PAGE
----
The final Le Mans 24 Hours of the millennium is also the hardest race to call for some time. With five major manufacturers looking for victory Adam Cooper assesses this year’s main entries.
Every year people say that the Le Mans 24 Hours will be the best race ever. While those who saw Ford GT40s or Porsche 917s in action might disagree, there’s no doubt that the Vingt Quatre Heures is continuing the return to strength it began four or five years ago.
As always, the key is the ongoing interest of the big manufacturers. Five are taking up the challenge, namely Mercedes, BMW, Audi, Toyota and Nissan. Come Sunday evening, at least four will go home as losers. That’s assuming one of the non-works efforts doesn’t surprise everybody; the Ford-powered Panoz was sensationally fast in pre-qualifying on May 2. All entrants can take heart in the knowledge that, for once, they don’t have to beat Porsche. After three wins in as many years – two with Joest’s open car and one with the works GT1-98 – the Stuttgart marque is taking a breather. Like its rivals, Porsche is not quite sure which way the wind is blowing. The question on everyone’s lips is this: open or closed sportscar or GT? All the manufacturers have had to solve this conundrum. In fact newcomers Audi found the decision so tough that they decided to build both…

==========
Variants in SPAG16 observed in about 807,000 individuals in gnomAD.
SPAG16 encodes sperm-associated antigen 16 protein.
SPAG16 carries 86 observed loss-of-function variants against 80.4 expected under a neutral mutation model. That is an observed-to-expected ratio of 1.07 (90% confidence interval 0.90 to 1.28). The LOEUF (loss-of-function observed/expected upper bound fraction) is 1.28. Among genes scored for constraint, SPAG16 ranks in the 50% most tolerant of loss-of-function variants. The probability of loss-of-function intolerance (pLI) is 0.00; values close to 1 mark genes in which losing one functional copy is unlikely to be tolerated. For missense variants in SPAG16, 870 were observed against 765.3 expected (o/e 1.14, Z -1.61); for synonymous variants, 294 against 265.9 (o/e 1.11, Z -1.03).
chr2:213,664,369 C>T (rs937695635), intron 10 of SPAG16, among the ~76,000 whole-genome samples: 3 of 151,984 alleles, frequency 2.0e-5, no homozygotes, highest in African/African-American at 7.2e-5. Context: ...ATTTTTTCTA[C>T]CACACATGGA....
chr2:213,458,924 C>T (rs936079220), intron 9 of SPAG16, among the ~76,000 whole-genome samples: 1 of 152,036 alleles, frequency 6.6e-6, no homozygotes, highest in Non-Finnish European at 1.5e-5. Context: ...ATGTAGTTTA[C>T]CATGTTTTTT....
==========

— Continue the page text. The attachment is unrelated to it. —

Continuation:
With the FIA series now solely for the slower production-based cars, the Automobile Club de l’Ouest has been free to juggle its rules. Class structures have been rejigged, and the quick cars all compete in the same `Prototype’ category. The ‘GT1′ name has been dropped; if a car has a roof, it’s called an IMGTP’, and if it doesn’t, it’s an LMP’. Meanwhile the production cars have two separate classes, called ‘LM GTS’ and ‘LM GT’.
Within the prototype category, the open and closed cars run to broadly similar rules, which is why the decision is so hard. The 900kgs weight limit is the same, and the fuel tank size is now the same. Previously the open cars had smaller tanks, and had to pit more often, giving the GT1s a huge advantage in race conditions.
One man who knows both sides of the story is veteran designer Tony Southgate, who is currently in the Audi camp. He oversaw the Ferrari 333SP, the car which heralded the current breed of open sportscars and was later responsible for the Nissan R390. So how do the two concepts compare on the track?